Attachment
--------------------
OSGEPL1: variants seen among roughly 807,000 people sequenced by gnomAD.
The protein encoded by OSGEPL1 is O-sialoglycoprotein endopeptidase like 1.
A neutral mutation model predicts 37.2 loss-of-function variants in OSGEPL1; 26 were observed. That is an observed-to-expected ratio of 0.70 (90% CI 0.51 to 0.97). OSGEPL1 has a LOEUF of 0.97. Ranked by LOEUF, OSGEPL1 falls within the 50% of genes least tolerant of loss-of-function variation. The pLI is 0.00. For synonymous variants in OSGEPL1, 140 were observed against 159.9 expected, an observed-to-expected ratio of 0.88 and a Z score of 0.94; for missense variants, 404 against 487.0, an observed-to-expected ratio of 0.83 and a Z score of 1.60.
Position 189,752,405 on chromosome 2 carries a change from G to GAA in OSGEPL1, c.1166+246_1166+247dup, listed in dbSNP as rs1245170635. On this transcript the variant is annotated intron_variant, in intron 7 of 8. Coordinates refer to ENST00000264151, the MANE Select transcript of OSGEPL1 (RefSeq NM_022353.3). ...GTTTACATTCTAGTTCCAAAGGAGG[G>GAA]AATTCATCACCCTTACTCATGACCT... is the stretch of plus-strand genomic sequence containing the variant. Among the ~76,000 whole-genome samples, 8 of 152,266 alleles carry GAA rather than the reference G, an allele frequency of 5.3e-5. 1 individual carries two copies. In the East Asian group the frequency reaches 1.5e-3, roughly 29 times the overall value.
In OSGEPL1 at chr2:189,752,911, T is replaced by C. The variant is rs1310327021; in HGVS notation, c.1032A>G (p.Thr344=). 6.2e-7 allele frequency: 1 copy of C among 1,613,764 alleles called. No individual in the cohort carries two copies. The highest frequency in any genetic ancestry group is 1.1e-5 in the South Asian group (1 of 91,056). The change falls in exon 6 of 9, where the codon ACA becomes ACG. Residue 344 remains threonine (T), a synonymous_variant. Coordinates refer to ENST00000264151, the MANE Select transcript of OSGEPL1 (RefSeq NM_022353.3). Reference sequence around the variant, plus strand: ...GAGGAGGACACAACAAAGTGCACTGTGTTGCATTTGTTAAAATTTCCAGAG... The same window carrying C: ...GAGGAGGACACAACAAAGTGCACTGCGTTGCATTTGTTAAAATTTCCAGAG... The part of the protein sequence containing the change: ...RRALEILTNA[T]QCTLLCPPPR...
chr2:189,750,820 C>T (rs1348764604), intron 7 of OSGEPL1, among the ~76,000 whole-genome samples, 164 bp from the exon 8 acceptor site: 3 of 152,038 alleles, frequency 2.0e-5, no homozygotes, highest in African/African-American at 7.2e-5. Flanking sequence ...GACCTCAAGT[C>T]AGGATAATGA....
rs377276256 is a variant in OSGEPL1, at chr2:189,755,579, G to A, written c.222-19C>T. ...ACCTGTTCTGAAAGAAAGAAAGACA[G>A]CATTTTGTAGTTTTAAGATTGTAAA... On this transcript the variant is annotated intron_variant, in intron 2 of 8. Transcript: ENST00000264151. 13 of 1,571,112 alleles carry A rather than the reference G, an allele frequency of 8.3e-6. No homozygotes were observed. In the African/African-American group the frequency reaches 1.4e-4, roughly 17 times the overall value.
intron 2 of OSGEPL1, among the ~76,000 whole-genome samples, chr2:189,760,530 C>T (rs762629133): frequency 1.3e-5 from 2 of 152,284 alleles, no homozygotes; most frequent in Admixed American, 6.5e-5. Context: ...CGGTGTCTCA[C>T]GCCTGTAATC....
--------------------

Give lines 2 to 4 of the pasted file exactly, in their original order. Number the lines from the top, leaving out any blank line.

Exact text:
The protein encoded by OSGEPL1 is O-sialoglycoprotein endopeptidase like 1.
A neutral mutation model predicts 37.2 loss-of-function variants in OSGEPL1; 26 were observed. That is an observed-to-expected ratio of 0.70 (90% CI 0.51 to 0.97). OSGEPL1 has a LOEUF of 0.97. Ranked by LOEUF, OSGEPL1 falls within the 50% of genes least tolerant of loss-of-function variation. The pLI is 0.00. For synonymous variants in OSGEPL1, 140 were observed against 159.9 expected, an observed-to-expected ratio of 0.88 and a Z score of 0.94; for missense variants, 404 against 487.0, an observed-to-expected ratio of 0.83 and a Z score of 1.60.
Position 189,752,405 on chromosome 2 carries a change from G to GAA in OSGEPL1, c.1166+246_1166+247dup, listed in dbSNP as rs1245170635. On this transcript the variant is annotated intron_variant, in intron 7 of 8. Coordinates refer to ENST00000264151, the MANE Select transcript of OSGEPL1 (RefSeq NM_022353.3). ...GTTTACATTCTAGTTCCAAAGGAGG[G>GAA]AATTCATCACCCTTACTCATGACCT... is the stretch of plus-strand genomic sequence containing the variant. Among the ~76,000 whole-genome samples, 8 of 152,266 alleles carry GAA rather than the reference G, an allele frequency of 5.3e-5. 1 individual carries two copies. In the East Asian group the frequency reaches 1.5e-3, roughly 29 times the overall value.